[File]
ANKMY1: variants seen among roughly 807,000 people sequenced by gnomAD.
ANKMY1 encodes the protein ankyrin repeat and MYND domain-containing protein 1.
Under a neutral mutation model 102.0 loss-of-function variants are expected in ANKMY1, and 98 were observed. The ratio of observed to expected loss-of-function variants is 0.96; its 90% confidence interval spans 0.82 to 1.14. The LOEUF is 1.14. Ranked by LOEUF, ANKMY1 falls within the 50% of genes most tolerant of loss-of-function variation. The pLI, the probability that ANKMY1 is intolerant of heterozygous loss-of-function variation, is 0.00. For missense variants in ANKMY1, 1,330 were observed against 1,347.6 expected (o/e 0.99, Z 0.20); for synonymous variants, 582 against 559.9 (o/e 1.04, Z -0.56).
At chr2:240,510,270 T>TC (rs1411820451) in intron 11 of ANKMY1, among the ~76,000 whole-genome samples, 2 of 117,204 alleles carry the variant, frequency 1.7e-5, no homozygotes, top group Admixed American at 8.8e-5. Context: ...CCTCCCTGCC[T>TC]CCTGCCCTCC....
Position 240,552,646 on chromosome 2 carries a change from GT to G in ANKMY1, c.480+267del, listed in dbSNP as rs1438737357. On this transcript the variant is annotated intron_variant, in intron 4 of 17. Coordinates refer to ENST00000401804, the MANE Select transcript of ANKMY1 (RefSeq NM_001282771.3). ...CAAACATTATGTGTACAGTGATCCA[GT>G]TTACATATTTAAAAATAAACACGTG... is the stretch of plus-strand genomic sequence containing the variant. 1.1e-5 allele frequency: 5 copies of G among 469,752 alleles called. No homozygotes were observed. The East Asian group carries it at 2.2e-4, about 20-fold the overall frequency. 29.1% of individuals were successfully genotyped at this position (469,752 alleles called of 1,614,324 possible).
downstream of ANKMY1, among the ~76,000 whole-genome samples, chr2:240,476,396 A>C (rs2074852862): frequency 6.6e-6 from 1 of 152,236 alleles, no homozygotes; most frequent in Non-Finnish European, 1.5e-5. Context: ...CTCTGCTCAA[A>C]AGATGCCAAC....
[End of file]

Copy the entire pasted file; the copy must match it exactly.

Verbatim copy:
ANKMY1: variants seen among roughly 807,000 people sequenced by gnomAD.
ANKMY1 encodes the protein ankyrin repeat and MYND domain-containing protein 1.
Under a neutral mutation model 102.0 loss-of-function variants are expected in ANKMY1, and 98 were observed. The ratio of observed to expected loss-of-function variants is 0.96; its 90% confidence interval spans 0.82 to 1.14. The LOEUF is 1.14. Ranked by LOEUF, ANKMY1 falls within the 50% of genes most tolerant of loss-of-function variation. The pLI, the probability that ANKMY1 is intolerant of heterozygous loss-of-function variation, is 0.00. For missense variants in ANKMY1, 1,330 were observed against 1,347.6 expected (o/e 0.99, Z 0.20); for synonymous variants, 582 against 559.9 (o/e 1.04, Z -0.56).
At chr2:240,510,270 T>TC (rs1411820451) in intron 11 of ANKMY1, among the ~76,000 whole-genome samples, 2 of 117,204 alleles carry the variant, frequency 1.7e-5, no homozygotes, top group Admixed American at 8.8e-5. Context: ...CCTCCCTGCC[T>TC]CCTGCCCTCC....
Position 240,552,646 on chromosome 2 carries a change from GT to G in ANKMY1, c.480+267del, listed in dbSNP as rs1438737357. On this transcript the variant is annotated intron_variant, in intron 4 of 17. Coordinates refer to ENST00000401804, the MANE Select transcript of ANKMY1 (RefSeq NM_001282771.3). ...CAAACATTATGTGTACAGTGATCCA[GT>G]TTACATATTTAAAAATAAACACGTG... is the stretch of plus-strand genomic sequence containing the variant. 1.1e-5 allele frequency: 5 copies of G among 469,752 alleles called. No homozygotes were observed. The East Asian group carries it at 2.2e-4, about 20-fold the overall frequency. 29.1% of individuals were successfully genotyped at this position (469,752 alleles called of 1,614,324 possible).
downstream of ANKMY1, among the ~76,000 whole-genome samples, chr2:240,476,396 A>C (rs2074852862): frequency 6.6e-6 from 1 of 152,236 alleles, no homozygotes; most frequent in Non-Finnish European, 1.5e-5. Context: ...CTCTGCTCAA[A>C]AGATGCCAAC....